Are you a fan of smaller beauty brands that advertise the use of clean ingredients over the usual industry staples? You’re not alone.
According to research by NPD Group, 68 per cent of customers seek brands that use clean beauty ingredients. To many in the beauty industry, however, there are problems with this idea. First, the term “clean” isn’t regulated or defined—it’s used to talk about everything from eco-friendliness and sustainability to highlighting omitted ingredients such as parabens or sulphates. “When it doesn’t have a definition, it doesn’t serve a purpose,” points out Prudvi Kaka, chief scientific officer of Canadian brand Deciem.
Second, according to cosmetic scientists, there isn’t much evidence these ingredients do any harm at all.
Take parabens, usually top of the naughty list in the clean beauty conversation. A small study published in 2004 found these preservatives in breast cancer tumours. Other studies determined parabens have estrogen-like properties, and it’s proven that estrogen can fuel the growth of breast cancer cells. Ergo, the story goes, parabens cause cancer.
The American Cancer Society has pinpointed several issues with this theory. The 2004 study didn’t demonstrate that parabens cause cancer, simply that they are present in tumours. In addition, parabens’ estrogenic properties are known to be far weaker than natural estrogen or estrogen from hormone replacement therapy. The society determined that based on the current evidence, there are no clear health risks from parabens in cosmetics. The U.S. FDA is also monitoring the use of parabens in products and so far has found no evidence that they’re harmful to health.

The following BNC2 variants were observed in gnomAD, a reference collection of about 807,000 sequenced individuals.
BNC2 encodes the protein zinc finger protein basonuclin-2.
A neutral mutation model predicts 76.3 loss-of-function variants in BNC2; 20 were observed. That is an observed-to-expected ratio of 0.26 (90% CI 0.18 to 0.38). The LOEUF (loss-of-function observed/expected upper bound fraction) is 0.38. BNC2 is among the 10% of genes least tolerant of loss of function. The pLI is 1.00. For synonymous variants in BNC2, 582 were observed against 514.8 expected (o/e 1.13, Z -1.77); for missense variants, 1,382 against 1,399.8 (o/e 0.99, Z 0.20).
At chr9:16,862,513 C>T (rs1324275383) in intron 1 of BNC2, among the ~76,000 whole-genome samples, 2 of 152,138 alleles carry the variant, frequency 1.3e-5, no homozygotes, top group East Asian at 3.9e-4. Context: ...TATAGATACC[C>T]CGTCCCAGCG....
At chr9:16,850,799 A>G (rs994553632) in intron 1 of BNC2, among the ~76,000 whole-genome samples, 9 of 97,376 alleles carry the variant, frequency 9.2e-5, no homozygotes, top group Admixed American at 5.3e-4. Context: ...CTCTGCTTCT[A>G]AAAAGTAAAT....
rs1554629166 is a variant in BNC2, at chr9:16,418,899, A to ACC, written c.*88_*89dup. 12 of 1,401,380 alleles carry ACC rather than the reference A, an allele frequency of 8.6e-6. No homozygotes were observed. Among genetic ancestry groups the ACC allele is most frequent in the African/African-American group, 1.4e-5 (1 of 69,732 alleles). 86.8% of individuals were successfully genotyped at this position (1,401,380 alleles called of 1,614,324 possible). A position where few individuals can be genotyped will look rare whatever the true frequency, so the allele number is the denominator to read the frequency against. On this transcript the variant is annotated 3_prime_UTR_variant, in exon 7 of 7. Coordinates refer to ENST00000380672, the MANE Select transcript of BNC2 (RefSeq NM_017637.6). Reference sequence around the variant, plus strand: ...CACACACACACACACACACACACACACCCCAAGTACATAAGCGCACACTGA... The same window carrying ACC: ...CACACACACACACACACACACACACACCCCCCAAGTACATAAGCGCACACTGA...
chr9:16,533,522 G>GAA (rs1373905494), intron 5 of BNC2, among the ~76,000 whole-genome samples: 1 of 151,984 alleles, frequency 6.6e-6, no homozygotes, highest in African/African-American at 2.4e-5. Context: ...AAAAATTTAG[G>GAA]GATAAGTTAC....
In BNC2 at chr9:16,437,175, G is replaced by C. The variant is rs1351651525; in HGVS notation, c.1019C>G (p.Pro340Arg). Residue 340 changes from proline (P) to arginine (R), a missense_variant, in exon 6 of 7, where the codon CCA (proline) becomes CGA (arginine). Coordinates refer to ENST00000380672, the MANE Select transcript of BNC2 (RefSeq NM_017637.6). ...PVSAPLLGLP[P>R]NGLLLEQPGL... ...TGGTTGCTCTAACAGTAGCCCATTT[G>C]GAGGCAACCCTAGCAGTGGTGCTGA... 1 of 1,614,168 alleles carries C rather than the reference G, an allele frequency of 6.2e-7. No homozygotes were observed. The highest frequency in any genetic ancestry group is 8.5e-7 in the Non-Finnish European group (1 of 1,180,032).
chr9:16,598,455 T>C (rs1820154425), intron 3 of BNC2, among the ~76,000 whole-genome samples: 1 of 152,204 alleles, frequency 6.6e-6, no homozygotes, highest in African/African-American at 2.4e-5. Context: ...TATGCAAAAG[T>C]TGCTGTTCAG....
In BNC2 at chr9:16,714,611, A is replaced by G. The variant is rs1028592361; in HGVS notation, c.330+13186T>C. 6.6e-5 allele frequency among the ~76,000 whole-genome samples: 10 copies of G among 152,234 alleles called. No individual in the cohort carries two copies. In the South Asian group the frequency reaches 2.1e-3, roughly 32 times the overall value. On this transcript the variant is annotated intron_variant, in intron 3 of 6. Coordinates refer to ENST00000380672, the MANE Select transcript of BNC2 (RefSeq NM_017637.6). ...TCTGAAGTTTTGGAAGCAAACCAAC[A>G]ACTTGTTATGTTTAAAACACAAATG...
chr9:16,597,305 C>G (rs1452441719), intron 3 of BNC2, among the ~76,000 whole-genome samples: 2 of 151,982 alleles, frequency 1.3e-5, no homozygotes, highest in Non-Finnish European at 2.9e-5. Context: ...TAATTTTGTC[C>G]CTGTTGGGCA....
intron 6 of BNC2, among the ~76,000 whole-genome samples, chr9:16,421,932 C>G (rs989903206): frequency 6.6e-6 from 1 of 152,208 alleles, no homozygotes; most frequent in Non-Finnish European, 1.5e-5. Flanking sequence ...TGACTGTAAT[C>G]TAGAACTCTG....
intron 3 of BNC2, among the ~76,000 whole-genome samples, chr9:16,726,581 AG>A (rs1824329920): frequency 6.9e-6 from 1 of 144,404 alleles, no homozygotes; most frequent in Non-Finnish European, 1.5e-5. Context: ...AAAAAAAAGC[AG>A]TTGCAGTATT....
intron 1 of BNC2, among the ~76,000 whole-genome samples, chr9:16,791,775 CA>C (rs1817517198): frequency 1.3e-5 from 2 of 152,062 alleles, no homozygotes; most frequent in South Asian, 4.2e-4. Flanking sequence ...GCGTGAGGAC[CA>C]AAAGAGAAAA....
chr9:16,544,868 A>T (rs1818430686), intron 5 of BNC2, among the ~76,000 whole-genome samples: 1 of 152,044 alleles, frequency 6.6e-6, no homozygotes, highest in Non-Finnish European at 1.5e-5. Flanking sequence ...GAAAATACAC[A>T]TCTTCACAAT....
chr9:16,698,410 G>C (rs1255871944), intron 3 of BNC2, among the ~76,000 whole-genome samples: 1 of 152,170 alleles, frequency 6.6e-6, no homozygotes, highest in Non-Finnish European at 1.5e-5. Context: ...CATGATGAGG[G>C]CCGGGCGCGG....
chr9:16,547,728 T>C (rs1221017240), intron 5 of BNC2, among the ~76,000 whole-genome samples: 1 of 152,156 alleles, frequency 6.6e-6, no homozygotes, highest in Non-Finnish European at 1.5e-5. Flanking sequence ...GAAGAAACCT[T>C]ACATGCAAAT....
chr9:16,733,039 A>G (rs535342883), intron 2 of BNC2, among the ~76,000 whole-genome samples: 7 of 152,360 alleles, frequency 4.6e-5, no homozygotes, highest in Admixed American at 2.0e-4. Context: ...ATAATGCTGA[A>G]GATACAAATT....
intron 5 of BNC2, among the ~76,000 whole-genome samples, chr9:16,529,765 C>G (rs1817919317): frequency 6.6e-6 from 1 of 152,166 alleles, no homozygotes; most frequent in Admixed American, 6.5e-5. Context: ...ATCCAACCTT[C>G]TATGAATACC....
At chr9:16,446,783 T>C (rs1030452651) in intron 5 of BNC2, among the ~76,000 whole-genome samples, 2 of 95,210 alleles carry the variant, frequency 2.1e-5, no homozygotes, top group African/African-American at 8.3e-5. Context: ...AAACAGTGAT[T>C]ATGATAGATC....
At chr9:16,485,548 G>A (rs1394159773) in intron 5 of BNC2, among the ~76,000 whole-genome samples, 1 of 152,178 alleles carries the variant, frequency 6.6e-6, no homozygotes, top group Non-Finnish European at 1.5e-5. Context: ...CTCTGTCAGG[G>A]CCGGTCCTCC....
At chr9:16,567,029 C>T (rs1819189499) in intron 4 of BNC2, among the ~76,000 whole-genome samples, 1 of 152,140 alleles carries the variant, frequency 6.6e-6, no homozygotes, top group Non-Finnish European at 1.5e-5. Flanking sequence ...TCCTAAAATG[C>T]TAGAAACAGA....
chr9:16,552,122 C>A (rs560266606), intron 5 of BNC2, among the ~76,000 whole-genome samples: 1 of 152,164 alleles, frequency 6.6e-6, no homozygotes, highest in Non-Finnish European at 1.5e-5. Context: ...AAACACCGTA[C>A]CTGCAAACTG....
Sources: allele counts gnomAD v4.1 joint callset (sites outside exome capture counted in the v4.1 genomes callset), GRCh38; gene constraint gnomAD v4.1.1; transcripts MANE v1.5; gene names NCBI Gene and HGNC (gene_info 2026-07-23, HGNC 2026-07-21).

Cosmetic scientist, podcaster, and science educator Jen Novakovich says there’s a similar story behind most of the ingredients that are dubbed “unclean,” including sulphates, mineral oils, and sunscreen ingredients. Even though there has been successful legal action against Johnson & Johnson claiming talcum powder causes ovarian cancer, the research says otherwise.
Many scientists believe the clean beauty industry is fearmongering, using language that teaches us to be afraid of chemicals. But as a new campaign from Deciem points out, “Everything Is Chemicals.” Yet the narrative persists that our beauty ingredients are trying to kill us. Why?
Dr. Ricardo Diez, a cosmetic scientist and adjunct professor at Rutgers University who has formulated cosmetics for large corporations for decades, says it’s all marketing.
“The cosmetics industry is old—it’s been around for about 100 years. As time passes, it becomes more difficult to innovate and find something new,” he says. “They can’t come up with anything better than what already exists, so they take the alternative approach of saying that these great products you have on the market that are good and cheap are in fact not safe for you.”
A common claim from the clean beauty industry is that beauty ingredients are unregulated because many ingredients aren’t banned. In fact, Novakovich says, some of this is yet more fearmongering and politicking. She references the California Toxic-Free Cosmetics Act, a bill banning so-called toxic ingredients in California.